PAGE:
Thursday 12 December 2019

Memories of Hillsborough disaster are so raw that it could have happened yesterday

On April 15, 1989, 96 Liverpool fans lost their lives at Hillsborough. Photo: PA
On April 15, 1989, 96 Liverpool fans lost their lives at Hillsborough. Photo: PA

James Lawton

IF you were at Hillsborough on a gentle spring day 25 years ago you knew there would never be any easy measure of the rage and the pain and the consuming sadness.

Even now, so many years later, as so much of it resurfaces in an austere inquest room, it remains so raw and so vivid it might have been yesterday.

You are back in the soft sunshine and the teeming disbelief that so many lives were being lost.

Tomorrow at Anfield, where a perpetual flame flickers in memory of the desperate day, there will be an extraordinary fusion of the dreams that come with the games that we play and the realities of our lives – which we learned on that Yorkshire afternoon can be as vulnerable as old leaves caught by a sudden gust of wind.

Liverpool Football Club strive against Manchester City for their first league title in 24 years, while the surviving relatives of the 96 victims live closer than ever before to the hope that they will know finally that the mourning of the tragedy that has enveloped their existence has run some kind of course. But then, as former Liverpool captain Alan Hansen was so quick to point out this week, what happened at Hillsborough carried us so far beyond the metaphors of winning and losing on a football field – and it permitted no return.

No one understood this more acutely than John Aldridge, the Liverpool and Republic of Ireland striker, in the terrible aftermath of the tragedy.

I discovered this when he sent a curt response to a lecture aimed at reminding him that when bad things happen there is a certain obligation to push aside their worst implications and proceed, as best you can, with the demands of normal life. Aldridge's reaction was sharp and bitter and directed at me for it was I who had delivered the advice when he announced his reluctance to carry on playing.

The rebuke came in the short, searing question: "How many funerals have you attended this week?"

How many shattered lives have you contemplated, he was also asking. And if it is only one, how eager do you think that would make you to go out and play another football match?

Of course Aldridge played on – and continued to score goals at a remarkable rate. He went to the Basque country of Spain and became a star of Real Sociedad.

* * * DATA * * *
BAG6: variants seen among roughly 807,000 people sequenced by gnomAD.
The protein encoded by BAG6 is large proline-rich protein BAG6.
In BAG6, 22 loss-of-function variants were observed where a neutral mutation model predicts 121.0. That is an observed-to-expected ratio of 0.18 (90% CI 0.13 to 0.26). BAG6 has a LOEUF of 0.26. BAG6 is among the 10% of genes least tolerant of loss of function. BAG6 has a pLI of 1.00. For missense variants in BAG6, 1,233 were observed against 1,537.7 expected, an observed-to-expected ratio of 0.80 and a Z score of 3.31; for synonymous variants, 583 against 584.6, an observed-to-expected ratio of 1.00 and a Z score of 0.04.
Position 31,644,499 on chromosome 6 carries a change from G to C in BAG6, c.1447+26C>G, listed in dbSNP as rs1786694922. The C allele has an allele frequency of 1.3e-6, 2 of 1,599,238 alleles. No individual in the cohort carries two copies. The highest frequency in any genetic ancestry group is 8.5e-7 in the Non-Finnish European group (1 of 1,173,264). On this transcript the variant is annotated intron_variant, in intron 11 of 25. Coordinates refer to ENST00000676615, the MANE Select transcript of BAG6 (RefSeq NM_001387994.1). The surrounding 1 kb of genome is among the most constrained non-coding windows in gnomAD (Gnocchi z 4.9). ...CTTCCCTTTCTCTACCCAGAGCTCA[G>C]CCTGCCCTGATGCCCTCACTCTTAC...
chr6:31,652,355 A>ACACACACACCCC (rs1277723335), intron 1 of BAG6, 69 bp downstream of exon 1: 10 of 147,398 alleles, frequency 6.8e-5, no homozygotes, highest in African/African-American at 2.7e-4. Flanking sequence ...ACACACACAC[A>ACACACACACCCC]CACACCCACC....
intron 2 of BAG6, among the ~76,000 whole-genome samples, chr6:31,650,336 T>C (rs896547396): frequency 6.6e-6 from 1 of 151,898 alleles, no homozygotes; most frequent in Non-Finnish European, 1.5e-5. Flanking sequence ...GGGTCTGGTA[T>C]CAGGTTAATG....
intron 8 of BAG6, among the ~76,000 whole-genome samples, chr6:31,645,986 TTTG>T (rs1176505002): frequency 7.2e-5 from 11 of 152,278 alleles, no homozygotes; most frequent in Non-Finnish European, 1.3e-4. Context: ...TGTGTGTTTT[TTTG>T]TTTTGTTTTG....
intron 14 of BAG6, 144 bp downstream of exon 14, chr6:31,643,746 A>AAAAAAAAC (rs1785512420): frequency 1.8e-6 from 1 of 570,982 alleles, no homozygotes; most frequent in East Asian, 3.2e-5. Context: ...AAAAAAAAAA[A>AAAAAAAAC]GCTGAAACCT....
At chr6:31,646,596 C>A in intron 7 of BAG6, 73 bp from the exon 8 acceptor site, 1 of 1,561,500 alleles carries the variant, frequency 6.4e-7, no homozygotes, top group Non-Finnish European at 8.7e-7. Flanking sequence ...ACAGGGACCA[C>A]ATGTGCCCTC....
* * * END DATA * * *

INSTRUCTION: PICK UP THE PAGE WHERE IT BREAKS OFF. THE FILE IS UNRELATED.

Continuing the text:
He was a key member of Irish World Cup squads. In his declining playing days, he still had the bite and the touch to score a stream of goals for Tranmere Rovers, a club he managed for some years. Now he is football analyst for a Liverpool radio station.

He did what I so blithely advised him to do in what now seems to be an odd piece of bravado because it was not as though I had been untouched by Hillsborough, by the seepage of death and the scenes that greeted me when I walked down from the stand on to the field.

John Aldridge, like Kenny Dalglish, got on with his life, but not before that eloquent statement that sometimes it is necessary for a man to look around in pursuit of a new set of values – and priorities.

On one day of unbreakable grief, Dalglish attended four funerals and was later candid about the emotional pressures that it brought – and which less than two years later contributed to his walking away from the manager's job after a tumultuous 4-4 draw with city rivals Everton.

In his autobiography, he said: "There was a special bond between the club and its supporters before this, but I think it increased after Hillsborough and in the immediate aftermath there were some very poignant moments and some things which will live in people's memories forever.

The football club has loyal supporters and 25 years ago they were in a bit of trouble and it was our chance as a club to support them.

"Everyone wants closure. Everyone is expecting different things but at least we are a lot closer to that than 25 years ago. We were there and we saw it but many other people experienced it and for them it was much worse.

I don't think any of the boys who were involved haven't spent part of the day thinking about it.

So we are no different – but for the families it was so much more intense.

"No player was ever looking for sympathy. They stood up and were brilliant at the time but the families have been fantastic to us as players and this was the least we could have done."

Doubtless such unity of spirit and memory will rarely have been so obvious as on the terraces of the old ground tomorrow but whatever the outcome, on and later off the field, there is the certainty of ineradicable memory.

Those who were there will guard their own with a ferocity and a sadness that will surely endure to the end of their days.

If we have been scarred in any way it is minimal, a scratch compareWe will remember the normally irreverent goalkeeper Bruce Grobbelaar tugging at the referee and voicing his fears of impending catastrophe and then amid the chaos and despair on the field that became a point of evacuation the untutored frenzy of those breaking up advertising placards for makeshift stretchers and later the terrible apprehension of relatives who went to the makeshift morgue and looked, hoping against the wildest hopes, that they didn't see the snap photograph of a lost loved one.

We will think of the father who was about to open a bottle of wine before the evening meal that was to be a celebration of the call that had told him his son was safe when the phone rang to say that it was a case of mistaken identity.

We will think of that indescribable pain in the evening sunshine and marvel again that John Aldridge put quite so much into one brief question.

(© Independent News Service)

Irish Independent

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